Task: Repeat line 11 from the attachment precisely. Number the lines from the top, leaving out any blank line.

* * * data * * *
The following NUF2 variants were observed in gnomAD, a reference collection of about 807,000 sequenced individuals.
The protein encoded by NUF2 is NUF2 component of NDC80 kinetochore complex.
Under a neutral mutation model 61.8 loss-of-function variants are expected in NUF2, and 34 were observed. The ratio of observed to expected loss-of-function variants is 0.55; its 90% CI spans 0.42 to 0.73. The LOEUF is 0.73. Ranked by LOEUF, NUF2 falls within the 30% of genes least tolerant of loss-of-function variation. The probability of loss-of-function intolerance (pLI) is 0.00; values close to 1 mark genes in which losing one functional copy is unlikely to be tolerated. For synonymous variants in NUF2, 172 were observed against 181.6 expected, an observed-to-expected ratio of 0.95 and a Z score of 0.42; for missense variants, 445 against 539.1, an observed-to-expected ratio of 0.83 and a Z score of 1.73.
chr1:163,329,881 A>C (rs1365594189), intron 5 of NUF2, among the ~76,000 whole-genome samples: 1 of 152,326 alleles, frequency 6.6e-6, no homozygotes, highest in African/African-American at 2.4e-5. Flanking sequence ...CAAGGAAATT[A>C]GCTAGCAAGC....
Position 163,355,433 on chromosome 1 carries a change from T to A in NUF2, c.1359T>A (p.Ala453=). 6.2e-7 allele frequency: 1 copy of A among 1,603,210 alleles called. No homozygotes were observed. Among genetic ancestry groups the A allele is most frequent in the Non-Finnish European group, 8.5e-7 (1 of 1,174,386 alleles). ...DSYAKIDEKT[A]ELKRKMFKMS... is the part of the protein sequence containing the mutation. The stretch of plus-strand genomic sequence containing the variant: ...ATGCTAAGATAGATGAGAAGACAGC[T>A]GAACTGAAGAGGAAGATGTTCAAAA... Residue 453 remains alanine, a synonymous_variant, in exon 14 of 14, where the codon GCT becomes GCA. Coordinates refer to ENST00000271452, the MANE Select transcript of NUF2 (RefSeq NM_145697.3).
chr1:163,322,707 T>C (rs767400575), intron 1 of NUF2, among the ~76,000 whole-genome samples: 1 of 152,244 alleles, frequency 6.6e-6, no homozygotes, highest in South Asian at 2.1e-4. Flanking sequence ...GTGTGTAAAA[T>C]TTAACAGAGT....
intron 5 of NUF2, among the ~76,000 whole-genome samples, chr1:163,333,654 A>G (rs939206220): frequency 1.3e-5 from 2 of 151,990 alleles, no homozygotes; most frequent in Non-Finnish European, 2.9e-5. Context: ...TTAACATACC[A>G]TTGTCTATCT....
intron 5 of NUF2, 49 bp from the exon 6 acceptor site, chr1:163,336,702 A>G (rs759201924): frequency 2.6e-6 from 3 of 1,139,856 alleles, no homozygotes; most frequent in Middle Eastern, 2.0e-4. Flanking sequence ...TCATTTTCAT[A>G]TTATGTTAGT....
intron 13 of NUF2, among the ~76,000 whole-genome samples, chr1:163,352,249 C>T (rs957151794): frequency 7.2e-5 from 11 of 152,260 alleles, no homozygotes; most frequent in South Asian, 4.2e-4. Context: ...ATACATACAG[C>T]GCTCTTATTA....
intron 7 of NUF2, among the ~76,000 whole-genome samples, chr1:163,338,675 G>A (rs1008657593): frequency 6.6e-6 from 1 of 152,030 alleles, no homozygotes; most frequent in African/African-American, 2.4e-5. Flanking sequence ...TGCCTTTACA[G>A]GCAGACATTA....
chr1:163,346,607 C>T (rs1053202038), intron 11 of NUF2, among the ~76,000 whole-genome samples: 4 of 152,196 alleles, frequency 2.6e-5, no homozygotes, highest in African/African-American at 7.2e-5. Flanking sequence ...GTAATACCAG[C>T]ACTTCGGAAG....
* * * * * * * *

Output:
chr1:163,346,607 C>T (rs1053202038), intron 11 of NUF2, among the ~76,000 whole-genome samples: 4 of 152,196 alleles, frequency 2.6e-5, no homozygotes, highest in African/African-American at 7.2e-5. Flanking sequence ...GTAATACCAG[C>T]ACTTCGGAAG....